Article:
Third, our ability to study the effect of testosterone therapy on vaginal and cervical epithelia have been hampered by lack of appropriate model systems. Monolayers of cells in submerged culture do not replicate the stratified epithelium of the vagina and do not provide an appropriate environment for the culture of vaginal bacteria, while animal models do not replicate the relationship between the human vagina and its unique Lactobacillus-dominated microbiota (Couri et al., 2012; Barfod et al., 2013; Cassone and Sobel, 2016). Three-dimensional air-liquid interface cell culture allows for stratification of cultured vaginal epithelial cells and provides a more relevant environment for vaginal bacteria (Lee et al., 2016; Zhu et al., 2017). The utility of this model in delineating the impact of testosterone therapy on the cervicovaginal epithelium warrants further investigation.

The Neovaginal Microenvironment

Vaginoplasty and the Neovaginal Epithelium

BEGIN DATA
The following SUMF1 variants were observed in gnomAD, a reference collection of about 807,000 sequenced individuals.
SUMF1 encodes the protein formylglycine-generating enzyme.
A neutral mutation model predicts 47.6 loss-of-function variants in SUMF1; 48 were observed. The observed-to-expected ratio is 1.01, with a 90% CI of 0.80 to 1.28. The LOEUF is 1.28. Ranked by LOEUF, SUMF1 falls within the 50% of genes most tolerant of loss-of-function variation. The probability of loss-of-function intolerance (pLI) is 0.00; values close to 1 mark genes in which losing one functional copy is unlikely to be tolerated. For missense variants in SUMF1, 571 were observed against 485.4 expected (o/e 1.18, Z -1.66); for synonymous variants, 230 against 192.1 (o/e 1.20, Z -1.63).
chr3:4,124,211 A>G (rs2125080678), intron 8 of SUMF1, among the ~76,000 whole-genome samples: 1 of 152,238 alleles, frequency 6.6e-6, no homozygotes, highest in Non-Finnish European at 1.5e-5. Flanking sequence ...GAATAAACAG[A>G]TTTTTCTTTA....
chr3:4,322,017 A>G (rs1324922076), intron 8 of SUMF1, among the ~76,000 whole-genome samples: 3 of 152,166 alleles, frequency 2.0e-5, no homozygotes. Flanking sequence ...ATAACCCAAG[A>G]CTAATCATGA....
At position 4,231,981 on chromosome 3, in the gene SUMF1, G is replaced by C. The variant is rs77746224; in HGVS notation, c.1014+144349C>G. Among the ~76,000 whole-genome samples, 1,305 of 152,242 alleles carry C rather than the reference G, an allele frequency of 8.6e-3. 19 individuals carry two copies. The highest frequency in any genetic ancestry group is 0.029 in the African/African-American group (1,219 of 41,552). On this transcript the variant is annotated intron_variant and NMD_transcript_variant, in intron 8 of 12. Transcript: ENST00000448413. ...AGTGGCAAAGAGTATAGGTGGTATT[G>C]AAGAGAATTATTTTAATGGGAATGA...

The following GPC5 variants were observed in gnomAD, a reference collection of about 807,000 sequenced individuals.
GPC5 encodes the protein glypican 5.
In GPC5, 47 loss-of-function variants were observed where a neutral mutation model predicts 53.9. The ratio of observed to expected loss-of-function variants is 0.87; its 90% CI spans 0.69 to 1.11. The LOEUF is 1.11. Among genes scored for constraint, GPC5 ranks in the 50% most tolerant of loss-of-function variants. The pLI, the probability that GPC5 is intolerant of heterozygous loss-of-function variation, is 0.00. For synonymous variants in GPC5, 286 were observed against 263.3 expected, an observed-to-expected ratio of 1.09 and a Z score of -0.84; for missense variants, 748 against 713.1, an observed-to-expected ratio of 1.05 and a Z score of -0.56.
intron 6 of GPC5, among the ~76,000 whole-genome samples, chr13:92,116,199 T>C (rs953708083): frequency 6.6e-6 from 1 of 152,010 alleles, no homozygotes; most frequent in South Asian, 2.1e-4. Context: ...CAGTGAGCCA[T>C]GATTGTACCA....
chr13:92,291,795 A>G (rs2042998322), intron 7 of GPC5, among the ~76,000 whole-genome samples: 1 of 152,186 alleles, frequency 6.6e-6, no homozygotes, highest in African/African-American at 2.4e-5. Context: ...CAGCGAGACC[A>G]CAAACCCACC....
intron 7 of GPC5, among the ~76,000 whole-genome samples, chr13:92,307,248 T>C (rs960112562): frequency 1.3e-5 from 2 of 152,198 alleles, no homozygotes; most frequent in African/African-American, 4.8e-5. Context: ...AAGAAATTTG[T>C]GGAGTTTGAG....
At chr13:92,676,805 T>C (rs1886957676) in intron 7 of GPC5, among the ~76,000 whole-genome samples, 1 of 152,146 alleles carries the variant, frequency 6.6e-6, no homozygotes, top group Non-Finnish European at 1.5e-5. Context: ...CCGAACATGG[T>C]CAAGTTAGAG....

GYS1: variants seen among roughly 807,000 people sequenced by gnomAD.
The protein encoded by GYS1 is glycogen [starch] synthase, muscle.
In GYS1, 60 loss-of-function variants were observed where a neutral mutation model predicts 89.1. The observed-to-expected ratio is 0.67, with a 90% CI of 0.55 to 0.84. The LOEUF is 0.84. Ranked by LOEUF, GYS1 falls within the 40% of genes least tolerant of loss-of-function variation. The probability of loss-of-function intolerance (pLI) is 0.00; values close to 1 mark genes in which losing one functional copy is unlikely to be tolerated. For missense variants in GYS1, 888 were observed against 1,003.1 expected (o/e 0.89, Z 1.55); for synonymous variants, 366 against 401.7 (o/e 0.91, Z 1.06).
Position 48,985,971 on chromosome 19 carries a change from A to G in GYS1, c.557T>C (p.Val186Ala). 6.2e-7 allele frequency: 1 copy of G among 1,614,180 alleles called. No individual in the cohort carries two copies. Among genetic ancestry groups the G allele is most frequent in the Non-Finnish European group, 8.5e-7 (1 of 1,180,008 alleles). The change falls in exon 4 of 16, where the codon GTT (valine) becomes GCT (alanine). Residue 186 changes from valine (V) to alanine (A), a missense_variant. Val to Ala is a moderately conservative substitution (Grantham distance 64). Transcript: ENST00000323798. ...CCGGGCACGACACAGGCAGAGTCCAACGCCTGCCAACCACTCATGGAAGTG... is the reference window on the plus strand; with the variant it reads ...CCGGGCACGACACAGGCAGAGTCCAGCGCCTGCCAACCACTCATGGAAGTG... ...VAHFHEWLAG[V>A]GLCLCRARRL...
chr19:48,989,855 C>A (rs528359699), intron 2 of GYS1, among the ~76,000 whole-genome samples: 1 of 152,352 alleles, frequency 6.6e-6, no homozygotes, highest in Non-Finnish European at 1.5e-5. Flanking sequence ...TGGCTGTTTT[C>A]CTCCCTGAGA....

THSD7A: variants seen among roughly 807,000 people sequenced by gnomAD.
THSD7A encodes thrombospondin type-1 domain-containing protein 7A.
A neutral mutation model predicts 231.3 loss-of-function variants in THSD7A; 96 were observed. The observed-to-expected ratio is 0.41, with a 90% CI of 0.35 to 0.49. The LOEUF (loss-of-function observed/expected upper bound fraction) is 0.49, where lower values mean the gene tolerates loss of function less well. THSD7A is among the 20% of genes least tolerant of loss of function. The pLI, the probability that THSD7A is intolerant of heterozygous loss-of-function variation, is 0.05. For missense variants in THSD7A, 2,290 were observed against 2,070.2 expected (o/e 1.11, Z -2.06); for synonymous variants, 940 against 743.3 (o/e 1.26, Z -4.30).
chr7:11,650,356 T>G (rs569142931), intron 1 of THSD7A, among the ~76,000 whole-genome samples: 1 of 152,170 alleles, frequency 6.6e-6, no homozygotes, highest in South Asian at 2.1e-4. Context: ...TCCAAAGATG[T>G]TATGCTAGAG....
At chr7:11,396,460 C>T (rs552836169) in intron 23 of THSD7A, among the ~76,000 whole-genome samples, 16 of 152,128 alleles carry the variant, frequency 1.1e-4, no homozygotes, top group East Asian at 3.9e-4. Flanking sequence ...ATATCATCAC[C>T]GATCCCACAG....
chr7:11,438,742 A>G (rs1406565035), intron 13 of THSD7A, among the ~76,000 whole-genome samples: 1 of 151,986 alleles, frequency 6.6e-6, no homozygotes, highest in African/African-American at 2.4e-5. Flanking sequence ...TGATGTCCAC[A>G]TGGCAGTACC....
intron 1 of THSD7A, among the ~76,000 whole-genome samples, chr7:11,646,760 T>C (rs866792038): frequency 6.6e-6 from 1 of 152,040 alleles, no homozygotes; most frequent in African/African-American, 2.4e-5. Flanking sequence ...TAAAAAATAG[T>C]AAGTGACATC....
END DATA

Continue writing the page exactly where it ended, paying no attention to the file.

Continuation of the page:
Penile inversion vaginoplasty is the gold standard surgical technique of feminizing genital surgery (Bizic et al., 2014; Horbach et al., 2015; Buncamper et al., 2016; Dreher et al., 2018; Bustos et al., 2021; Moises da Silva et al., 2021). This surgery was first introduced in the early 1900’s and has undergone various permutations in search of the optimal outcome (Horbach et al., 2015). The ideal outcome of this surgery is a concordant vulvar anatomy, moist and hairless vagina with sufficient depth and width for types of penetration desired (if any), erogenous sensation, and requiring minimal maintenance (Garcia et al., 2020). This surgery requires many surgical steps; orchiectomy, clitoroplasty, penile de-gloving and resection of the corpora cavernosa, shortening and splaying of the urethra, surgical dissection of the space between the bladder and the rectum and the inversion of the flap of preserved penile tube skin and placement into this space. Frequently, the penile tube skin alone is insufficient to generate a vaginal canal with adequate depth and additional skin grafts, most commonly from scrotal skin, are used to augment length (Selvaggi et al., 2005; Goddard et al., 2007; Goddard et al., 2007; Dy et al., 2018). Hair from scrotal grafts is typically removed intraoperatively by thinning the scrotal graft and cauterizing visible follicles. The proportion of scrotal/penile skin used to line the canal is influenced by the amount of tissue present and the depth of the pelvic dissection and is not well identified in the literature.